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I'm always eager to learn the word of the year, a celebration of one idea or theme that sums up culture and society over the preceding 12 months. This year, I was thrilled to hear that Merriam-Webster's Word of the Year was “authentic” — reflecting a global shift toward sincerity, genuineness and credibility. It’s a word I’ve put at the forefront of my ethos and work since 1983, and for good reason. My belief has always been that purpose must be authentic to produce enterprise-wide returns, and — more importantly — resonate with stakeholders, especially employees.
So why is “authentic” having its moment today? I was intrigued by this statement from Merriam-Webster: "Although clearly a desirable quality, 'authentic' is hard to define and subject to debate." The word “authentic” has several meanings, ranging from "not false or imitation" to "true to one's own personality, spirit, or character." When it comes to business purpose, there’s no debate as to the word’s meaning — nor any question regarding the power of authenticity. Discovering the true ethos of a company and embracing it inspires alignment and stakeholder engagement for significant outcomes. Read my article on authenticity in Sustainable Brands here.
Saying 'so long' to fossil fuels? 🛢️
COP 28 is like the encore that follows Climate Week, putting a sharp point on the year's climate progress. Held this year in Dubai, more than 80 countries convened to push forward an agreement that would phase out fossil fuels. Unfortunately, as of Monday evening (12/11), COP28 was said to be "on the verge of complete failure" with phase-out language removed from the latest draft of the core agreement.
United Nations—UN is about action, not politics and point scoring
United Nations Climate Change—Live blog
Fighting stigma, finding balance ⛑️
1 in 4 people will experience a mental health condition in their lives. What does that mean for the world's workforce? The Mental Health Coalition, along with 100+ corporate sponsors, is addressing that question with the first ever Wellbeing at Work Day. Sponsors ranging from Citi and Bank of America to Meta and the NBA hosted the first iteration of Wellbeing at Work Day last Tuesday.
Riding the ESG roller coaster 🍃
It wasn't a good year for ESG. Despite months-long efforts to "wipe ESG off the map," a Bloomberg Intelligence survey found that ESG is being largely used to "improve profit, competitiveness, and brand value." Further, 89% of investors say the use of ESG metrics are "mainstream," and 85% believe ESG results in "better returns, resilient portfolios, and enhanced fundamental analysis." At the same time, laws intended to ban ESG are popping up across GOP-led states, and Q3 saw $2.7 billion pulled from sustainable funds.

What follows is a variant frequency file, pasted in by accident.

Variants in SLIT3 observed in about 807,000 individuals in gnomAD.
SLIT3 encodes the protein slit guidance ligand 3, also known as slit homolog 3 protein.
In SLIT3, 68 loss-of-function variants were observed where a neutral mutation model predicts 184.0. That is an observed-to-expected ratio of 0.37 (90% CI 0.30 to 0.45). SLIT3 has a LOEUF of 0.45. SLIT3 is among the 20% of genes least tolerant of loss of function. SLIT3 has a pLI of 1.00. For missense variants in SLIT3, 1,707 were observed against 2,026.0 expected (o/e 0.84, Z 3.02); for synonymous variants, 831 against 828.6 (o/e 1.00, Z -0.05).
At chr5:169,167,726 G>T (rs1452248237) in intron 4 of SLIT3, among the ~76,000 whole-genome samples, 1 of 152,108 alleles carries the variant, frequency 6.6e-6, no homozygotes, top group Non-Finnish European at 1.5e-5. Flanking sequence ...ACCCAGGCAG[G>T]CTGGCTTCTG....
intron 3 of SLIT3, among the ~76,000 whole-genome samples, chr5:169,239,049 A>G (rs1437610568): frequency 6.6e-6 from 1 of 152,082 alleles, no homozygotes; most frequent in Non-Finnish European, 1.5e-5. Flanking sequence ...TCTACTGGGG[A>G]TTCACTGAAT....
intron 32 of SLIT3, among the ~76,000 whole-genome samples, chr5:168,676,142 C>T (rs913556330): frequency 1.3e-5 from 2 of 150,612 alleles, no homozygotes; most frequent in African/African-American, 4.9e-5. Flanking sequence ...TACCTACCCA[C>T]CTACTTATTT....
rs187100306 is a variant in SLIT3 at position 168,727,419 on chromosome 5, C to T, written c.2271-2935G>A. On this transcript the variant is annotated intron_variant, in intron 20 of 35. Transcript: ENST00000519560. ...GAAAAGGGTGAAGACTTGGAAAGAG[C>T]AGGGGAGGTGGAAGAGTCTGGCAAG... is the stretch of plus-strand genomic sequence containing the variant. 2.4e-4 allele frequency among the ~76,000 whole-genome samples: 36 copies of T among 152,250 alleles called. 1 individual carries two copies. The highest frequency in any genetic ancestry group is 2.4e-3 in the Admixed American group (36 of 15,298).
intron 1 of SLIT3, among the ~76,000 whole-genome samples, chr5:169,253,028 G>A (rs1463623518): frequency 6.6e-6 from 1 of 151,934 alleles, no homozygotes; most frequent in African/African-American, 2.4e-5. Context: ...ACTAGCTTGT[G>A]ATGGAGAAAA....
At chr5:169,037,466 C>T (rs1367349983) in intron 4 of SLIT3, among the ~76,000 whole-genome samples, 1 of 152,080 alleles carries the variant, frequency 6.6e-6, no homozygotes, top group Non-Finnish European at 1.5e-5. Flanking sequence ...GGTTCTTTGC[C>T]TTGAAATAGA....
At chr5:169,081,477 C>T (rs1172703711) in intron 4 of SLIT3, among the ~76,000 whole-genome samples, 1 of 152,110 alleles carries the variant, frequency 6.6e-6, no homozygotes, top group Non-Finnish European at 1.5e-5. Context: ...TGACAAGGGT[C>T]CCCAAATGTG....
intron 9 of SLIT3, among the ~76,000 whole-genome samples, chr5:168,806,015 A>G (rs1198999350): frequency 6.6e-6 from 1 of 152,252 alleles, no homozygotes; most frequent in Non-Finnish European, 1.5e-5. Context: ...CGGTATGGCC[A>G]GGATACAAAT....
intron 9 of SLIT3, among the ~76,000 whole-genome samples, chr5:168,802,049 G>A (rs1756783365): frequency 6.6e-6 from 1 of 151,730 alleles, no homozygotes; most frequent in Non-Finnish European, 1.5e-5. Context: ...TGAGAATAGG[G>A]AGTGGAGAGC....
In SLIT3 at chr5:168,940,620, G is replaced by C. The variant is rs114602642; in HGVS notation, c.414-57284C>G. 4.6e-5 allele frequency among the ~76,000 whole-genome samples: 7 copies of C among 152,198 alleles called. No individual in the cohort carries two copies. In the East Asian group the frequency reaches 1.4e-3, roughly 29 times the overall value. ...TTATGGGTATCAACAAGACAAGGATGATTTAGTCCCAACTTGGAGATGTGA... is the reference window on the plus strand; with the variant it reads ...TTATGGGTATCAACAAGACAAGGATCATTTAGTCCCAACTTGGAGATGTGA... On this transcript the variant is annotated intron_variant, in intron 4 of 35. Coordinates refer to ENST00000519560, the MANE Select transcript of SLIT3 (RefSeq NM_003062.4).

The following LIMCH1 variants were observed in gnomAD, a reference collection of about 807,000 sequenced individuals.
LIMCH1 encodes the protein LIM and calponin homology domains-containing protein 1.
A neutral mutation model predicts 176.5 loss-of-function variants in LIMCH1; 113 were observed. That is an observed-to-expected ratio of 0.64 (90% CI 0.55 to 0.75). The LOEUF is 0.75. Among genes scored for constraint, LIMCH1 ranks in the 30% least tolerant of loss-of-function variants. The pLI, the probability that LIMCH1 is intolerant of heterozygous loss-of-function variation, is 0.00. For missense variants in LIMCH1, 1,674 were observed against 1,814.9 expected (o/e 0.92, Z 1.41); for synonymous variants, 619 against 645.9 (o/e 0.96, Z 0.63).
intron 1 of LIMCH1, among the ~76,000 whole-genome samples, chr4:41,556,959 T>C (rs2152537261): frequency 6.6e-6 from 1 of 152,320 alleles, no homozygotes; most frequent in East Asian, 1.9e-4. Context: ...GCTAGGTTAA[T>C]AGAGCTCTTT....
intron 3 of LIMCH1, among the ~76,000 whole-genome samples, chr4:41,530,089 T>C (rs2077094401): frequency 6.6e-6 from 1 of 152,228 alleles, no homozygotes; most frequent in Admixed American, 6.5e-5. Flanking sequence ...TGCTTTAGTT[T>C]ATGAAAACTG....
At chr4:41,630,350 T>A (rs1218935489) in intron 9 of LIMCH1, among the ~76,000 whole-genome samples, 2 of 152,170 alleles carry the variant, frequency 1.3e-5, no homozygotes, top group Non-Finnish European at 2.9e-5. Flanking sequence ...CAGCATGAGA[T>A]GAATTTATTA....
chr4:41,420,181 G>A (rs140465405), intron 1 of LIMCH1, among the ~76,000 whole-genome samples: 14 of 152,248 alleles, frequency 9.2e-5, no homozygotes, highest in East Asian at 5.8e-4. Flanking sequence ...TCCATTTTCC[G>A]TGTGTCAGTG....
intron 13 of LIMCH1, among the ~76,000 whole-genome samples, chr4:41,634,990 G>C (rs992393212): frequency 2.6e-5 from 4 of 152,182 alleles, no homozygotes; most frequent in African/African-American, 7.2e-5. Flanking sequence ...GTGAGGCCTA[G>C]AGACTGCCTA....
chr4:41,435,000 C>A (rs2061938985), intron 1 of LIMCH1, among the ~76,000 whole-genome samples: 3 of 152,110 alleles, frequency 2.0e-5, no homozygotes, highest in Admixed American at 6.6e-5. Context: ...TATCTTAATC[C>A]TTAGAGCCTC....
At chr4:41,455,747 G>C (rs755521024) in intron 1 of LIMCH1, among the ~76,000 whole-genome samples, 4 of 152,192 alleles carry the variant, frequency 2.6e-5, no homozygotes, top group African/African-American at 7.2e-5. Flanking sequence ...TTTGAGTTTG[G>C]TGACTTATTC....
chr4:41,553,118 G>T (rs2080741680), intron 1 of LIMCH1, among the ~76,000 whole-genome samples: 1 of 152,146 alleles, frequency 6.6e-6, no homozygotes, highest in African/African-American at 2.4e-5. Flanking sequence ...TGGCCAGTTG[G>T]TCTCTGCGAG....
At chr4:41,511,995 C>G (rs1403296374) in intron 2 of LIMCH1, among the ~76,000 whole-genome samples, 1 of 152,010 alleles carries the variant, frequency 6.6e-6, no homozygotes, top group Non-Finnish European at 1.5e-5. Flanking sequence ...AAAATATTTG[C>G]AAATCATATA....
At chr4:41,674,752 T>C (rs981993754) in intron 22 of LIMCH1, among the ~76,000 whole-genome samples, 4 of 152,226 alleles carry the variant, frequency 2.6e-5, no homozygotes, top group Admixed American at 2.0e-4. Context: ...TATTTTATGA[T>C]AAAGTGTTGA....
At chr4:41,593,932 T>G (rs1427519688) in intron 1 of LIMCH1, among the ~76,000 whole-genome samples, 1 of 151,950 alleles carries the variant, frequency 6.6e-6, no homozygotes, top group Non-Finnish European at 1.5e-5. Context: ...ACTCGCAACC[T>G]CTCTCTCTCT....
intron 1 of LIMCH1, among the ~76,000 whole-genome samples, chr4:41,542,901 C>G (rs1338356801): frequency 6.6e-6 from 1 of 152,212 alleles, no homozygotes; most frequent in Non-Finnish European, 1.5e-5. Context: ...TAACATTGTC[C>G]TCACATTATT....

Harmonizing profit and purpose 🕯️
"Go back to basics." That was a leading message at CECP's mid-November Board of Boards meeting. The closed-door session, which included CEOs from Campbell Soup Company, HSBC Bank, PwC, Tapestry, and other leaders, focused on purpose-driven leadership in a volatile world. With consumers expecting transparency and accountability from corporate America, the conversation focused on staying true to strategy and keeping things simple. On the role of purpose, CEOs agreed that "persistence and a long-term view are essential," and that "purpose and profit are not at odds; they work in harmony."
'Tis the season to 'Deck the Stalls' 🩸
Periods suck. Imagine going through monthly cramps, fatigue, irritability....AND having to pay a high price for period products. Across the US and Canada, 1 in 3 menstruators struggle to afford period products. That's why global nonprofit PERIOD. and Purpose Collaborative member Public Inc. launched their cheeky Deck the Stalls campaign, which features Crampus, the "period Santa," distributing free period products to those in need. See the holiday-themed creative—and learn how you can combat period poverty—below.
As we revel in the joy of the holiday season, it's important to remember that 2.3 billion of the world’s children are ensnared in the harsh realities of conflict. Explore the extraordinary journey of Save the Children International with Perry Yeatman, Head of Corporate. From emergency response to long-term action, the organization is leaving an indelible mark on the lives of children affected by conflict.